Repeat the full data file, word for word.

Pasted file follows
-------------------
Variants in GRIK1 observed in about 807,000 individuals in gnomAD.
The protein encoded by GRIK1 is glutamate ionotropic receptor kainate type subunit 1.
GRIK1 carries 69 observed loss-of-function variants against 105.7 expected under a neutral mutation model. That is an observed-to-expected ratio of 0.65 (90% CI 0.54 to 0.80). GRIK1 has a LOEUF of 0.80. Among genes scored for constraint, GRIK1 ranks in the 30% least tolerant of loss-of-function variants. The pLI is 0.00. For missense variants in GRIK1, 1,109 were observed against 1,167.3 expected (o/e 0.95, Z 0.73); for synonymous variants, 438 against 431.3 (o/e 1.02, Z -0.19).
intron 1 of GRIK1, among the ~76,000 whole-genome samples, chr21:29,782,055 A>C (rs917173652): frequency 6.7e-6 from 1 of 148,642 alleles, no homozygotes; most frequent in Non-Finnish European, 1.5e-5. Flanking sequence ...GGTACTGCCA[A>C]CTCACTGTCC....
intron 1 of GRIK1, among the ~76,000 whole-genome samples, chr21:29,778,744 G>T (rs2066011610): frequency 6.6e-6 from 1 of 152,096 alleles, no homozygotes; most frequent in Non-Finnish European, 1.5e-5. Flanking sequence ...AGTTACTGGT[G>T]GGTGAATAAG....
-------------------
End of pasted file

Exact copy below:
Variants in GRIK1 observed in about 807,000 individuals in gnomAD.
The protein encoded by GRIK1 is glutamate ionotropic receptor kainate type subunit 1.
GRIK1 carries 69 observed loss-of-function variants against 105.7 expected under a neutral mutation model. That is an observed-to-expected ratio of 0.65 (90% CI 0.54 to 0.80). GRIK1 has a LOEUF of 0.80. Among genes scored for constraint, GRIK1 ranks in the 30% least tolerant of loss-of-function variants. The pLI is 0.00. For missense variants in GRIK1, 1,109 were observed against 1,167.3 expected (o/e 0.95, Z 0.73); for synonymous variants, 438 against 431.3 (o/e 1.02, Z -0.19).
intron 1 of GRIK1, among the ~76,000 whole-genome samples, chr21:29,782,055 A>C (rs917173652): frequency 6.7e-6 from 1 of 148,642 alleles, no homozygotes; most frequent in Non-Finnish European, 1.5e-5. Flanking sequence ...GGTACTGCCA[A>C]CTCACTGTCC....
intron 1 of GRIK1, among the ~76,000 whole-genome samples, chr21:29,778,744 G>T (rs2066011610): frequency 6.6e-6 from 1 of 152,096 alleles, no homozygotes; most frequent in Non-Finnish European, 1.5e-5. Flanking sequence ...AGTTACTGGT[G>T]GGTGAATAAG....